In various embodiments, the DSN can be implemented by utilizing the cloud computing environment 2050 and/or can communicate with cloud computing environment 2050. Alternatively or in addition, the plurality of computing devices 12-16 of FIG. 1, the managing unit of FIG. 1, and/or the integrity processing unit 20 of FIG. 1, and/or storage units 36 can be implemented by utilizing cloud computing nodes 2010, personal digital assistant (PDA) or cellular telephone 2054A, desktop computer 2054B, laptop computer 2054C, and/or automobile computer system 2054N. In various embodiments, the cloud computing nodes 2010, personal digital assistant (PDA) or cellular telephone 2054A, desktop computer 2054B, laptop computer 2054C, and/or automobile computer system 2054N can communicate by utilizing network 24 of FIG. 1.

Referring now to FIG. 12, a set of functional abstraction layers provided by cloud computing environment 2050 (FIG. 11) is shown. It should be understood in advance that the components, layers, and functions shown in FIG. 12 are intended to be illustrative only and embodiments of the invention are not limited thereto. As depicted, the following layers and corresponding functions are provided:

Hardware and software layer 2060 includes hardware and software components. Examples of hardware components include: mainframes 2061; RISC (Reduced Instruction Set Computer) architecture based servers 2062; servers 2063; blade servers 2064; storage devices 2065; and networks and networking components 2066. In some embodiments, software components include network application server software 2067 and database software 2068. In some embodiments, one or more hardware components can be implemented by utilizing the computing device 2300 of FIG. 13.

Virtualization layer 2070 provides an abstraction layer from which the following examples of virtual entities may be provided: virtual servers 2071; virtual storage 2072; virtual networks 2073, including virtual private networks; virtual applications and operating systems 2074; and virtual clients 2075.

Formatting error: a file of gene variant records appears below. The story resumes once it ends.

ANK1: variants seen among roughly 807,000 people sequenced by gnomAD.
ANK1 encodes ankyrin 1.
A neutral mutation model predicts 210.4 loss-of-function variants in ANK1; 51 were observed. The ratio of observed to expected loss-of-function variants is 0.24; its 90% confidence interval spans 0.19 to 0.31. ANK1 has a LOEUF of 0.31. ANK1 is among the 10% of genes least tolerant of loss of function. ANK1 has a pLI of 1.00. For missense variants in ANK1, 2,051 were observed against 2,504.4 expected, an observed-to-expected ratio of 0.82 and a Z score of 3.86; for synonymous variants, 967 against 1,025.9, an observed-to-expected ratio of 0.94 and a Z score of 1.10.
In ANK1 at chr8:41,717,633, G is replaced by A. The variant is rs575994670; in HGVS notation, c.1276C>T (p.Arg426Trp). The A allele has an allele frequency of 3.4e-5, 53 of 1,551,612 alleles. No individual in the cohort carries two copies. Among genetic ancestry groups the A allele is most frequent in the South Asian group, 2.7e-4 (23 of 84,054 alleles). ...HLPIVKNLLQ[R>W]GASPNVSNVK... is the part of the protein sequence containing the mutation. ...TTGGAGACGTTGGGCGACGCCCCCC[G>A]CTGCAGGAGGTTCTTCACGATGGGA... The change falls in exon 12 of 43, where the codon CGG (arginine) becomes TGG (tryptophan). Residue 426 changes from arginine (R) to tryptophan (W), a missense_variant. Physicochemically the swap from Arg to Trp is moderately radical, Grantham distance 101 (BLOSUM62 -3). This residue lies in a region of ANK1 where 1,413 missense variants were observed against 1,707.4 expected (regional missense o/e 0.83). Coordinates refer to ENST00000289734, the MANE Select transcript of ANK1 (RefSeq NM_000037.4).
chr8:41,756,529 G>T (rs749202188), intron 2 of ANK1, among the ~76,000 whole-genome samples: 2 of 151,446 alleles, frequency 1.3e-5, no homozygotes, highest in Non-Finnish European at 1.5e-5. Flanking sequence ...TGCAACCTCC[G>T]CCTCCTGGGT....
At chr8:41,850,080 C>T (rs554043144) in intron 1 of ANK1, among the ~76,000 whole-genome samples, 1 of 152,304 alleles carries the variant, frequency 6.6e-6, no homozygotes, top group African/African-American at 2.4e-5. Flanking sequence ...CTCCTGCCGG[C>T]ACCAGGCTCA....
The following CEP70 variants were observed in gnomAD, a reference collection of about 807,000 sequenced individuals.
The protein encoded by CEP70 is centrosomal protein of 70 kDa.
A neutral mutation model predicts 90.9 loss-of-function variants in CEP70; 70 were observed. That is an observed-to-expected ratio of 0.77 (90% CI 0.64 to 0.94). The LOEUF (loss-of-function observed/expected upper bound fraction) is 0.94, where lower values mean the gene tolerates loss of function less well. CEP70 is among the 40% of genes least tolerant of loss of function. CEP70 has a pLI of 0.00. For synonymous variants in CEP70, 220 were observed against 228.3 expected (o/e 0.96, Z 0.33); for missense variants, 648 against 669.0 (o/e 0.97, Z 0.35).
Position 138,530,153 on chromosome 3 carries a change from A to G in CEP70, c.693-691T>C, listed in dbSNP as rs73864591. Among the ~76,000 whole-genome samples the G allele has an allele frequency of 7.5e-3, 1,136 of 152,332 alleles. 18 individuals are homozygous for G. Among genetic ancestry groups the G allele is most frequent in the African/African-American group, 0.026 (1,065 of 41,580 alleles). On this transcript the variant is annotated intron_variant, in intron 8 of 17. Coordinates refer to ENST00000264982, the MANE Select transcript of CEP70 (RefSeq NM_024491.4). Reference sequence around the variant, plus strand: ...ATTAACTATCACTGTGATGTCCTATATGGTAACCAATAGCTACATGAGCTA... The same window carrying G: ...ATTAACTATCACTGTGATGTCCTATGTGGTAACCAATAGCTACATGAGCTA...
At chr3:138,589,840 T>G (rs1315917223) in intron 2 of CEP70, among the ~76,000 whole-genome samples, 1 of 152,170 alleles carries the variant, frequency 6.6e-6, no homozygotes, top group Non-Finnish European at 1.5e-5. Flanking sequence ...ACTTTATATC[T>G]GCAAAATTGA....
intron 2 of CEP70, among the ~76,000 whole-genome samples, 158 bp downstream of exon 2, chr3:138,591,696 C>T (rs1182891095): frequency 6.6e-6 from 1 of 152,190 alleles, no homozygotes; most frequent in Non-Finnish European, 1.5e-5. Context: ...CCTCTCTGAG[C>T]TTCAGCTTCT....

In one example, management layer 2080 may provide the functions described below. Resource provisioning 2081 provides dynamic procurement of computing resources and other resources that are utilized to perform tasks within the cloud computing environment. Metering and Pricing 2082 provide cost tracking as resources are utilized within the cloud computing environment, and billing or invoicing for consumption of these resources. In one example, these resources may include application software licenses. Security provides identity verification for cloud consumers and tasks, as well as protection for data and other resources. User portal 2083 provides access to the cloud computing environment for consumers and system administrators. Service level management 2084 provides cloud computing resource allocation and management such that required service levels are met. Service Level Agreement (SLA) planning and fulfillment 2085 provide pre-arrangement for, and procurement of, cloud computing resources for which a future requirement is anticipated in accordance with an SLA.

Workloads layer 2090 provides examples of functionality for which the cloud computing environment may be utilized. Examples of workloads and functions which may be provided from this layer include: mapping and navigation 2091; software development and lifecycle management 2092; virtual classroom education delivery 2093; data analytics processing 2094; transaction processing 2095; and compaction management system 2096. In some embodiments, the DSN 10 can utilize utilizing the cloud computing environment 2050, for example, by utilizing the compaction management system 2096 of the workloads layer 2090 of FIG. 12 to adjust data ingest based on compaction rate in the DSN as described in conjunction with FIGS. 1-10, where the compaction management system 910 and/or some or all computing devices 12-16 of FIG. 1 communicate with the network via a corresponding node 2010 of the cloud computing environment 2050.

FIG. 13 depicts a block diagram of components of a computing device 2300, which can be utilized to implement some or all of the cloud computing nodes 2010, some or all of the computing devices 54A-N of FIG. 11, and/or to implement other computing devices described herein in accordance with an embodiment of the present invention. The computing device 2300 can be utilized to implement some or all of the plurality of computing devices 12-16 of FIG. 1, the DS client module 34 of FIG. 1, the managing unit of FIG. 1, the integrity processing unit 20 of FIG. 1, and/or storage units 36 of FIG. 1. For example the computing core 26 of FIG. 2 can be implemented by utilizing the computing device 2300. It should be appreciated that FIG. 13 provides only an illustration of one implementation and does not imply any limitations with regard to the environments in which different embodiments may be implemented. Many modifications to the depicted environment may be made.